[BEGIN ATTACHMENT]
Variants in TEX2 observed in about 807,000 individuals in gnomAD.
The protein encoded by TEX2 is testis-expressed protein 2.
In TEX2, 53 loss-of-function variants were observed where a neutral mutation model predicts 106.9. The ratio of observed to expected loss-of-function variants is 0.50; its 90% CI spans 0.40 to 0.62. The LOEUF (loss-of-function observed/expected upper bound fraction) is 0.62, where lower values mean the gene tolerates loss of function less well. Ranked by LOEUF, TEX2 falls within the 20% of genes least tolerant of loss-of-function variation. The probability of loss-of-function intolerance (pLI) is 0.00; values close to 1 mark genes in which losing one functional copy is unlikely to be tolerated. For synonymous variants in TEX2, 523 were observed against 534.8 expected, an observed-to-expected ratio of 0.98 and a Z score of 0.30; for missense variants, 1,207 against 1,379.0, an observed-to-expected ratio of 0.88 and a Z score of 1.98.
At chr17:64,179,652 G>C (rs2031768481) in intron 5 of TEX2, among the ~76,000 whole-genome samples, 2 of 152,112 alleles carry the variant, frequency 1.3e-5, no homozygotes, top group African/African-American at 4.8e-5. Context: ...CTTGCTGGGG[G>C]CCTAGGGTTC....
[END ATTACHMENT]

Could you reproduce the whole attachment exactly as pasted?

Variants in TEX2 observed in about 807,000 individuals in gnomAD.
The protein encoded by TEX2 is testis-expressed protein 2.
In TEX2, 53 loss-of-function variants were observed where a neutral mutation model predicts 106.9. The ratio of observed to expected loss-of-function variants is 0.50; its 90% CI spans 0.40 to 0.62. The LOEUF (loss-of-function observed/expected upper bound fraction) is 0.62, where lower values mean the gene tolerates loss of function less well. Ranked by LOEUF, TEX2 falls within the 20% of genes least tolerant of loss-of-function variation. The probability of loss-of-function intolerance (pLI) is 0.00; values close to 1 mark genes in which losing one functional copy is unlikely to be tolerated. For synonymous variants in TEX2, 523 were observed against 534.8 expected, an observed-to-expected ratio of 0.98 and a Z score of 0.30; for missense variants, 1,207 against 1,379.0, an observed-to-expected ratio of 0.88 and a Z score of 1.98.
At chr17:64,179,652 G>C (rs2031768481) in intron 5 of TEX2, among the ~76,000 whole-genome samples, 2 of 152,112 alleles carry the variant, frequency 1.3e-5, no homozygotes, top group African/African-American at 4.8e-5. Context: ...CTTGCTGGGG[G>C]CCTAGGGTTC....